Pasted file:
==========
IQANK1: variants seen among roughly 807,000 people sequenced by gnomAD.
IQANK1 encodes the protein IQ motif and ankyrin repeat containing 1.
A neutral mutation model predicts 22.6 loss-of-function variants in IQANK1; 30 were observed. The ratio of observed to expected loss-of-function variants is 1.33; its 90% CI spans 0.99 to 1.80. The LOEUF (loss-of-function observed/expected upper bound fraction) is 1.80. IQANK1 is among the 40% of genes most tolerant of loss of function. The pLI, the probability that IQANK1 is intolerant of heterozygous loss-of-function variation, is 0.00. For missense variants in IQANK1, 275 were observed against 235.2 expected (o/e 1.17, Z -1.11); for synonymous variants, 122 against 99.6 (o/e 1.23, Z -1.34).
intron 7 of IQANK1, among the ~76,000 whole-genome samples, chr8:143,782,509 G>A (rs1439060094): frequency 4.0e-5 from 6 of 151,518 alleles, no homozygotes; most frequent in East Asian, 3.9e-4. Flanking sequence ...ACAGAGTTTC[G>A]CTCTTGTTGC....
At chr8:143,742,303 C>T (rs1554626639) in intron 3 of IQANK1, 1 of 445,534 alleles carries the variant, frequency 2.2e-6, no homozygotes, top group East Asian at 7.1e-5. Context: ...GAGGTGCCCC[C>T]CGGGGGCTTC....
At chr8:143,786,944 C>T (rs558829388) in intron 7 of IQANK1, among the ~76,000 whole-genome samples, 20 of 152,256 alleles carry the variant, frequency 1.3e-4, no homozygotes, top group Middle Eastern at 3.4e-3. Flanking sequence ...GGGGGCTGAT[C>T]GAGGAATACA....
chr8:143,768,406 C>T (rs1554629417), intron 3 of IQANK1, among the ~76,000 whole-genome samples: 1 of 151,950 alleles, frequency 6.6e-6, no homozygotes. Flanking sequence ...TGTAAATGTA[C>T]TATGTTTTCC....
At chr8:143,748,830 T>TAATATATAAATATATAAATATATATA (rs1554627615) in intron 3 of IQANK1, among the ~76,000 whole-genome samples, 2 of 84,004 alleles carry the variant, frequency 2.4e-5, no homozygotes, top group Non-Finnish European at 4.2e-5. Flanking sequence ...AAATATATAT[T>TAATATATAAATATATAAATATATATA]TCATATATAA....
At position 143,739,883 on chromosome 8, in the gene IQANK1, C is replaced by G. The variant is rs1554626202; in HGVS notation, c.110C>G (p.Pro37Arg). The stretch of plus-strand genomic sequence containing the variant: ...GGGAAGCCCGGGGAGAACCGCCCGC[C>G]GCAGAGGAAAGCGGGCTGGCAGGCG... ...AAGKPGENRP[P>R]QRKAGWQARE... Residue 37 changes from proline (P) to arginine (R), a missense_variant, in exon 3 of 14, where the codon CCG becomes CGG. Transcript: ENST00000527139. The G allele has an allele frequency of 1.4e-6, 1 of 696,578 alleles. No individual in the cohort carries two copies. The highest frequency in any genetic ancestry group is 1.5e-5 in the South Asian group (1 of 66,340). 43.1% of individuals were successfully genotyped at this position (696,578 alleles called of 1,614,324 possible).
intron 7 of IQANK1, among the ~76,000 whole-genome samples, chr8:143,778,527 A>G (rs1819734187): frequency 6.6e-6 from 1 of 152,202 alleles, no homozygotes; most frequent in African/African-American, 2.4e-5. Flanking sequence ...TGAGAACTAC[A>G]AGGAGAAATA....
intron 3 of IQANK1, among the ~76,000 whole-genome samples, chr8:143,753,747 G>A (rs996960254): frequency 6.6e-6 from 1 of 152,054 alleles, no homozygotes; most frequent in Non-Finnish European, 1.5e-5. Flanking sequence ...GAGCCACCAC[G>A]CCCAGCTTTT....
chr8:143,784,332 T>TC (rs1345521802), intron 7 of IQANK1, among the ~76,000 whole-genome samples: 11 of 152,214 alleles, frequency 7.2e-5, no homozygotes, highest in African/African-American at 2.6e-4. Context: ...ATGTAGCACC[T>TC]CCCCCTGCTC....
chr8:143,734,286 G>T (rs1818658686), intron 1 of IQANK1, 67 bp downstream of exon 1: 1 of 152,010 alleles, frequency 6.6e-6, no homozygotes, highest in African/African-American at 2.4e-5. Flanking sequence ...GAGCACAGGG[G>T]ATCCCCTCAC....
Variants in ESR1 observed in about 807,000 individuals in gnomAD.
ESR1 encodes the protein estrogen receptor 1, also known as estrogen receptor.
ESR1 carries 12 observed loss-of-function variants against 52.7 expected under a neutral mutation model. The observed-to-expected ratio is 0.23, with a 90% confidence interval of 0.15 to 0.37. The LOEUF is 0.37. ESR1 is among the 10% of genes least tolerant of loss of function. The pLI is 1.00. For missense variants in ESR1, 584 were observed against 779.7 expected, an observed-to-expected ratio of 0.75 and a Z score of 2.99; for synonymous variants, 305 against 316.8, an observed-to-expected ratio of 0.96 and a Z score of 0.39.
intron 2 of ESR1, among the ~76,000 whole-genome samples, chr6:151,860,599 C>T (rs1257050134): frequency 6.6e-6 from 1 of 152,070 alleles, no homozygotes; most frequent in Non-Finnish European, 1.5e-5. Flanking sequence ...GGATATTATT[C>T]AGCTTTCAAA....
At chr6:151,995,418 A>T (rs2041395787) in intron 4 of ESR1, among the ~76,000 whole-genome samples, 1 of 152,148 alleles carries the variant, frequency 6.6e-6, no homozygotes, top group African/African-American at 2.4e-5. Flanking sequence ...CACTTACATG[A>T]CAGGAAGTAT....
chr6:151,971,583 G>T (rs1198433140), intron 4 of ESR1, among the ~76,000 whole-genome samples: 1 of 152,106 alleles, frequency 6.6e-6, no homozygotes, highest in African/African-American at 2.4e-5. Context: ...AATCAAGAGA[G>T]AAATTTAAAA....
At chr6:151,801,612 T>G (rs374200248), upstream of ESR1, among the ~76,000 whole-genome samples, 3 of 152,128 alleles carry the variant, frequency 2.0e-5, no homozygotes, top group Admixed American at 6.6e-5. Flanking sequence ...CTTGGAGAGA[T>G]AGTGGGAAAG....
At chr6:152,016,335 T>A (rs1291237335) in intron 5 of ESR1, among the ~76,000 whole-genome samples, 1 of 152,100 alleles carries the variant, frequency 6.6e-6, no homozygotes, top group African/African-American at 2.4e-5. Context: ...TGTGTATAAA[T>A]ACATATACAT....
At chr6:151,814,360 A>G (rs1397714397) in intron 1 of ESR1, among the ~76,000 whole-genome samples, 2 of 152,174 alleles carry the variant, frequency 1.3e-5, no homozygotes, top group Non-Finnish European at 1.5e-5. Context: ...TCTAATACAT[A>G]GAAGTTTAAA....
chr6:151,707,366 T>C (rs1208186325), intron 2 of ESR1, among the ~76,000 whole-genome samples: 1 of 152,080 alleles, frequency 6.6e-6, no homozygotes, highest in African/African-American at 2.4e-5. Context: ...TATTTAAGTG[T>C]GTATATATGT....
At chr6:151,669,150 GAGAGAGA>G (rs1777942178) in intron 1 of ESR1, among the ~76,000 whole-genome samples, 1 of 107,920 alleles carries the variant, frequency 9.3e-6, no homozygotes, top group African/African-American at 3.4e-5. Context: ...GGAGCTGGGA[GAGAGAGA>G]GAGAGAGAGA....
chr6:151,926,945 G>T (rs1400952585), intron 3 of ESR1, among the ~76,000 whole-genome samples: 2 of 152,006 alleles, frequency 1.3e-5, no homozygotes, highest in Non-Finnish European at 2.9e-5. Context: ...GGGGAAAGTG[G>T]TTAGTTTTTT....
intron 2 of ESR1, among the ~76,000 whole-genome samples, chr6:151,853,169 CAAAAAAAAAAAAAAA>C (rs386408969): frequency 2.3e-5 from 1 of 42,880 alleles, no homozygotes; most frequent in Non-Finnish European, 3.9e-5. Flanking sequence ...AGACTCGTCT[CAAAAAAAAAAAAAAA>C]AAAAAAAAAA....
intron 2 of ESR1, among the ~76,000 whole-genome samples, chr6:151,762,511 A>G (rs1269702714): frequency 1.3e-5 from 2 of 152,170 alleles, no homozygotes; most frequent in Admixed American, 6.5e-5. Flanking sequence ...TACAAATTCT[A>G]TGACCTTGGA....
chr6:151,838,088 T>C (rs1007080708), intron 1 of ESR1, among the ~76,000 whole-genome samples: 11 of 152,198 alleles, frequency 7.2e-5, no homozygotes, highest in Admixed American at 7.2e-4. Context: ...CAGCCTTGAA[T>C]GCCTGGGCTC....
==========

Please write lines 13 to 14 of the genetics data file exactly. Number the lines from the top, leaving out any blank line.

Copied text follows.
chr8:143,734,286 G>T (rs1818658686), intron 1 of IQANK1, 67 bp downstream of exon 1: 1 of 152,010 alleles, frequency 6.6e-6, no homozygotes, highest in African/African-American at 2.4e-5. Flanking sequence ...GAGCACAGGG[G>T]ATCCCCTCAC....
Variants in ESR1 observed in about 807,000 individuals in gnomAD.